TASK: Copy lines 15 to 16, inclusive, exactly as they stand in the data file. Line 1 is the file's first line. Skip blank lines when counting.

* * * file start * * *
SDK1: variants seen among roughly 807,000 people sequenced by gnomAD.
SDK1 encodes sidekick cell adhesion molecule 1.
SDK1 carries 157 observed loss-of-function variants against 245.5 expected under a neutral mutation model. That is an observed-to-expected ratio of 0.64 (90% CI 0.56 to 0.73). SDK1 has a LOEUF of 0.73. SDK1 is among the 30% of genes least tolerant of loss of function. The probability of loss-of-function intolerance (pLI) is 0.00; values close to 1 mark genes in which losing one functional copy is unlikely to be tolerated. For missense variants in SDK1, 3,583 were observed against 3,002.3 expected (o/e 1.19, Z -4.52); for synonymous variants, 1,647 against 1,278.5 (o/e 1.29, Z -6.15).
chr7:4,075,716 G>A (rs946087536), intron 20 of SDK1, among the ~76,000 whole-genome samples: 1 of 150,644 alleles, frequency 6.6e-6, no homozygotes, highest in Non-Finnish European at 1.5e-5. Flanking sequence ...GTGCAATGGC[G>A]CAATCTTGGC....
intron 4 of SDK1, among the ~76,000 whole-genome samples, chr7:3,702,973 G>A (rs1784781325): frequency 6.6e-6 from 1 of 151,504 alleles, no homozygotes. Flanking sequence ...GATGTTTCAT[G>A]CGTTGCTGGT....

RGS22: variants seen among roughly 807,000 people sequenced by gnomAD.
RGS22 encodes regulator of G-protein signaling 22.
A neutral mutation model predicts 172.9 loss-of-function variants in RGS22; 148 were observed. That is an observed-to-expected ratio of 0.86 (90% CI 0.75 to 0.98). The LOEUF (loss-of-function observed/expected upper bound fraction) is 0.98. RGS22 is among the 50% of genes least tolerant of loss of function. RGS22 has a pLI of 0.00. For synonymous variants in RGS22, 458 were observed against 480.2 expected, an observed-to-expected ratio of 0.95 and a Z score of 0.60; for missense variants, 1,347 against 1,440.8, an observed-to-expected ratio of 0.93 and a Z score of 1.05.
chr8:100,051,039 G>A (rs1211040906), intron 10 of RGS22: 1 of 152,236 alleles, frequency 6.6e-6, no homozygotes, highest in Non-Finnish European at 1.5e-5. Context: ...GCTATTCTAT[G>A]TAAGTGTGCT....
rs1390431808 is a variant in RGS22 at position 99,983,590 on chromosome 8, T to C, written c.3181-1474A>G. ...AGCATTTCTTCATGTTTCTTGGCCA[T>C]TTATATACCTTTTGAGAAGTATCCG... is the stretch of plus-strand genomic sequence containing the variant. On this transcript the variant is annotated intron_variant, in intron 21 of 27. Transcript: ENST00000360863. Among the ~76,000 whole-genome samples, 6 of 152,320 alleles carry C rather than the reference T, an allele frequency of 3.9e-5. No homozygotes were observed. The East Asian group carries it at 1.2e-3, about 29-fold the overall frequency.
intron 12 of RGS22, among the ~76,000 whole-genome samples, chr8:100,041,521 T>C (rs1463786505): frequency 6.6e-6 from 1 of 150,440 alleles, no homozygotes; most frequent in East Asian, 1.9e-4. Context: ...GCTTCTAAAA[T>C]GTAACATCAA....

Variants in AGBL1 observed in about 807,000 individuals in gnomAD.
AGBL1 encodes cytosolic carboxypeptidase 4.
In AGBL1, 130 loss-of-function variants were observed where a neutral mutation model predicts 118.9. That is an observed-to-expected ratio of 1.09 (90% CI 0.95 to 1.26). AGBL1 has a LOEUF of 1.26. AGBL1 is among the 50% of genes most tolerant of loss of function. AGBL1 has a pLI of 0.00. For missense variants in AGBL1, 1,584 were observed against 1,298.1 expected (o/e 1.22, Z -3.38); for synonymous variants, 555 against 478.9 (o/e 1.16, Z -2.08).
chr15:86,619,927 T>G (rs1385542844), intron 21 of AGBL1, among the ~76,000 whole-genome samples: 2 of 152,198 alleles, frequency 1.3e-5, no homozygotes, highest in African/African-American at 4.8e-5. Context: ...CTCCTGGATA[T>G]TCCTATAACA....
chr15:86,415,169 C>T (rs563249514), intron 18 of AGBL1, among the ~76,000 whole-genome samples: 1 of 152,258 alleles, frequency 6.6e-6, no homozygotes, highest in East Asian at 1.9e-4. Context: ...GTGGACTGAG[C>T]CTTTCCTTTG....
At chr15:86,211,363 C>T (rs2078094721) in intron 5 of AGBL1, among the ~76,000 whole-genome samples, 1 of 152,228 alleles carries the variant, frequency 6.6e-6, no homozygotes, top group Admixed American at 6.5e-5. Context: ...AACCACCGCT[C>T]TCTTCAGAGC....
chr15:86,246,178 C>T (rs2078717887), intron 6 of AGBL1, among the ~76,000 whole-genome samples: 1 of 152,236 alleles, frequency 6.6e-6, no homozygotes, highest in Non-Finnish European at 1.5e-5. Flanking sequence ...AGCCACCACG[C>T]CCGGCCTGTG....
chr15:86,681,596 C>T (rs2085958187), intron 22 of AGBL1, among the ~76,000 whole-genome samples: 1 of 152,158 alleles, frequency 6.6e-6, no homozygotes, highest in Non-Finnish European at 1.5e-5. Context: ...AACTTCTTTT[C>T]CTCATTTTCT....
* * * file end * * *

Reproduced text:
chr15:86,619,927 T>G (rs1385542844), intron 21 of AGBL1, among the ~76,000 whole-genome samples: 2 of 152,198 alleles, frequency 1.3e-5, no homozygotes, highest in African/African-American at 4.8e-5. Context: ...CTCCTGGATA[T>G]TCCTATAACA....
chr15:86,415,169 C>T (rs563249514), intron 18 of AGBL1, among the ~76,000 whole-genome samples: 1 of 152,258 alleles, frequency 6.6e-6, no homozygotes, highest in East Asian at 1.9e-4. Context: ...GTGGACTGAG[C>T]CTTTCCTTTG....